More Details on Southwestern Energy’s Marcellus Shale Plans from Earnings Call

From a Q4 2009 earnings call* held on Feb. 26, we learn the following about Southwestern Energy’s involvement in the Marcellus Shale:

At December 31, 2009, we had approximately 149,000 net acres in Pennsylvania prospective for the Marcellus Shale. Our undeveloped acreage position as of December 31, 2009 had an average remaining lease term of five years, an average royalty interest of 13%, and was obtained at an average cost of $594 per acre.

During 2009, we invested $40 million in Pennsylvania, almost all of which was for acquisition of acreage, including approximately 22,800 net acres in Lycoming County that was purchased for $8.7 million, or $382 per acre.

We are currently drilling our first horizontal well since 2008 in Pennsylvania. The Heckman Camp #1 well is located in Bradford County, and first gas production is expected in the area in the second quarter of 2010.

Later in the call was this exchange between Jeff Hayden, an analyst with Rodman & Renshaw, and Steve Mueller, CEO of Southwestern Energy:

Jeff Hayden: Okay, appreciate that. And then, jumping up to the Marcellus really quickly, I just wonder if you could give us an update kind of how you’re looking at the drilling program for 2010 in terms of where you’re going to spot the wells, whether it’s Bradford, Susquehanna, Lycoming, et cetera. And then, kind of building on that, sort of an update on the takeaway capacity that you’re looking at and how you’re going to manage that.

Steve Mueller: Well, the rig that we’re running, we’ll drill between 20 and 24 wells this year. It is going to be all in Bradford County. It’s right on top of–I want to say right on top or within a mile or two of the Stagecoach Pipeline. And we have firm on that pipeline today of 20 million cubic foot and we’re building that going forward. And that’s the reason we’re drilling where we’re at, because we do have the capacity on that line to be able to do that. We’ll participate probably in another 20 wells. Most of those will probably be–a little bit maybe in the Bradford, but most will be in Susquehanna. And we’ll have a minority in those wells. And whatever the operator there is will have the takeaway, so we don’t have to worry about that portion.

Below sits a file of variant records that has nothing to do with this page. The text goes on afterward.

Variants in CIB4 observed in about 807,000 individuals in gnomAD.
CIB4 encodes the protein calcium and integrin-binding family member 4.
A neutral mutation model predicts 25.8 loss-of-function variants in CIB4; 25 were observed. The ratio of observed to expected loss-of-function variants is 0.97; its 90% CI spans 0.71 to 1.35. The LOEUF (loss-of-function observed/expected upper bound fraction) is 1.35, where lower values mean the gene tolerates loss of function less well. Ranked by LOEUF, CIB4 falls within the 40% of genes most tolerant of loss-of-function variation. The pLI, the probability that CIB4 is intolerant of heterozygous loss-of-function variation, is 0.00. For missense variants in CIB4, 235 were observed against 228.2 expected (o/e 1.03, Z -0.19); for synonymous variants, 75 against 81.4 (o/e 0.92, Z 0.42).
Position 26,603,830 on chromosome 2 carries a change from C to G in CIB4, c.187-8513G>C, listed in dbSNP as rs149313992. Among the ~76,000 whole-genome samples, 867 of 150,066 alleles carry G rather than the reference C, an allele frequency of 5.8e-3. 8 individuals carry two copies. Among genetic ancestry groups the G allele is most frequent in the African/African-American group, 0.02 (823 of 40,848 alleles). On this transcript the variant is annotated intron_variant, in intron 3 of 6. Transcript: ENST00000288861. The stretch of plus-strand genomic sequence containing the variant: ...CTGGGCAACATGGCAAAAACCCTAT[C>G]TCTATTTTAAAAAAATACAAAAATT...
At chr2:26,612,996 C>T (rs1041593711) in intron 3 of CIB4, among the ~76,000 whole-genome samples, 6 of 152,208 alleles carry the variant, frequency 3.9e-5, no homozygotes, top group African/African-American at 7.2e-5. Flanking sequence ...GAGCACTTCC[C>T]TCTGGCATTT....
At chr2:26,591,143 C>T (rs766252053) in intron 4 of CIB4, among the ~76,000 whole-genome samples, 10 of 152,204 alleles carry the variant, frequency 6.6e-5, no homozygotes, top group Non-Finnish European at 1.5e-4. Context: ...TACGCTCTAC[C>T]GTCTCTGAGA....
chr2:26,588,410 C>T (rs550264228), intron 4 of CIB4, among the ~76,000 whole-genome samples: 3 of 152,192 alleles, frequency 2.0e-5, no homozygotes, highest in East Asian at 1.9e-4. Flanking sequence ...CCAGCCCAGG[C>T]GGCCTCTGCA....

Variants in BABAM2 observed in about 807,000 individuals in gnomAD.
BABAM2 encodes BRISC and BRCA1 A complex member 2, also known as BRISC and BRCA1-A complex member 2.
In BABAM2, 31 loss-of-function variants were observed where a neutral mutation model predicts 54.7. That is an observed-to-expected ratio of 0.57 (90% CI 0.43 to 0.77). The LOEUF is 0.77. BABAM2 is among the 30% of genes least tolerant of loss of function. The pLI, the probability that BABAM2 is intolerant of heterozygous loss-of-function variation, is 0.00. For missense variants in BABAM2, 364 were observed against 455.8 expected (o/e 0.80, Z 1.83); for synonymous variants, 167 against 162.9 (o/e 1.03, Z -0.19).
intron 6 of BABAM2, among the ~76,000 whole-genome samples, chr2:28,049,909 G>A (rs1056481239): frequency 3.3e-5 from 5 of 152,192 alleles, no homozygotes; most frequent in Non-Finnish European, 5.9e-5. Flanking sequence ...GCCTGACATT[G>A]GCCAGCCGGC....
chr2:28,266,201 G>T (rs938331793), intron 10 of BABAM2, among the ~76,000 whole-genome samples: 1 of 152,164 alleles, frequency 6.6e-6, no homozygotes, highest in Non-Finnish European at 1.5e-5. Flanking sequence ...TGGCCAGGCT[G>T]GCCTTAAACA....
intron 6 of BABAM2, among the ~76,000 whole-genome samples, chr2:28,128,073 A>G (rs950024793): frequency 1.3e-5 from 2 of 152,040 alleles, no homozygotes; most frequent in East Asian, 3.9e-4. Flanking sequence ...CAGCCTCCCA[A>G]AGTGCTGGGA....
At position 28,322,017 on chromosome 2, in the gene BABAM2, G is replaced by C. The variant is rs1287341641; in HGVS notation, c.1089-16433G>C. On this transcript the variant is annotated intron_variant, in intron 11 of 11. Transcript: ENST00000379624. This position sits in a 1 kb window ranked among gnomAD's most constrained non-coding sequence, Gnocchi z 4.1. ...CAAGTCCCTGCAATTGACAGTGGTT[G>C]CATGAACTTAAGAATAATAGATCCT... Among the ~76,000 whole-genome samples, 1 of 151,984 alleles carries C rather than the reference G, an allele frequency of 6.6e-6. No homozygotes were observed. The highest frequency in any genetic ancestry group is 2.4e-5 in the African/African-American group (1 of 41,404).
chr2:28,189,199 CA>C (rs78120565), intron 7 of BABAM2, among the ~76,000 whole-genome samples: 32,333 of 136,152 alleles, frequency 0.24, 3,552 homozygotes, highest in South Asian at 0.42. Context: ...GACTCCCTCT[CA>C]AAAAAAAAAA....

Over the next year, we’ll keep one rig running, and then you’ll see us build that activity into the future. We’ll say the one area that will have the less drilling over the next couple of years will be in Lycoming County. That’s more 2012 and beyond before you see much drilling there.

*Southwestern Energy (Mar 1) – SWN 4Q 2009 Earnings Teleconference Transcript (PDF)

MDN Editorial: PA Landowners Need to Continue Opposing a Shale Gas Severance Tax

The severance tax, like a bad penny, keeps turning up. Pennsylvanians (and eventually New Yorkers) will have to stay vigilant against greedy politicians who can’t help themselves when there’s something nearby that can be taxed. Tax revenues equal money flowing through politicians’ hands, and that equals power. The latest example:

State Sen. Andy Dinniman, D-19th, of West Whiteland, has introduced legislation that would impose a tax on Marcellus Shale natural gas extraction and use the revenues from that tax to give Pennsylvania homeowners property tax rebates.

Dinniman said a 5 percent tax on the natural gas from the state’s Marcellus Shale reserves would, by 2014, provide the average homeowner $148 each year in property tax relief.

“Every election, all the politicians stand up and say, ‘We understand your pain. We understand what’s going on. We will bring property tax reform. We will lower your property taxes,’” Dinniman said. “Well, the answer is beneath our feet. It’s a mile down, but it’s beneath our feet.”

The tax, referred to as a severance tax, would be assessed per cubic foot of gas that is extracted, Dinniman said.*

It is a bald-faced lie that the money will go for property tax relief. Hopefully the good citizens of PA know that by now. After having been lied to for a generation (lottery money goes to schools, Social Security money stays in its own trust fund, etc.), I am hopeful that people are starting to wise up. A severance tax, if instituted, will go to Harrisburg where it will disappear into politicians’ hands to be used for other “urgent” needs. And everyone knows it.

Landowners are encouraged to continue to oppose the severance tax, which ultimately comes out of their own royalty checks.

*The Delaware County Daily Times (Mar 3) – Chesco pol proposes tax on Marcellus Shale gas reserves

4,300 Sign Petition to Encourage New York Leaders to Drill Here, Drill Now

The Independent Oil and Gas Association of New York today issued a press release encouraging landowners to sign their online petition to New York’s governmental leaders to encourage them to move forward—now—with allowing drilling in the Marcellus Shale in New York. Already, more than 4,300 have signed. Landowners who want to add their signatures to the petition can do so here: www.petitiononline.com/YESngNY/petition.html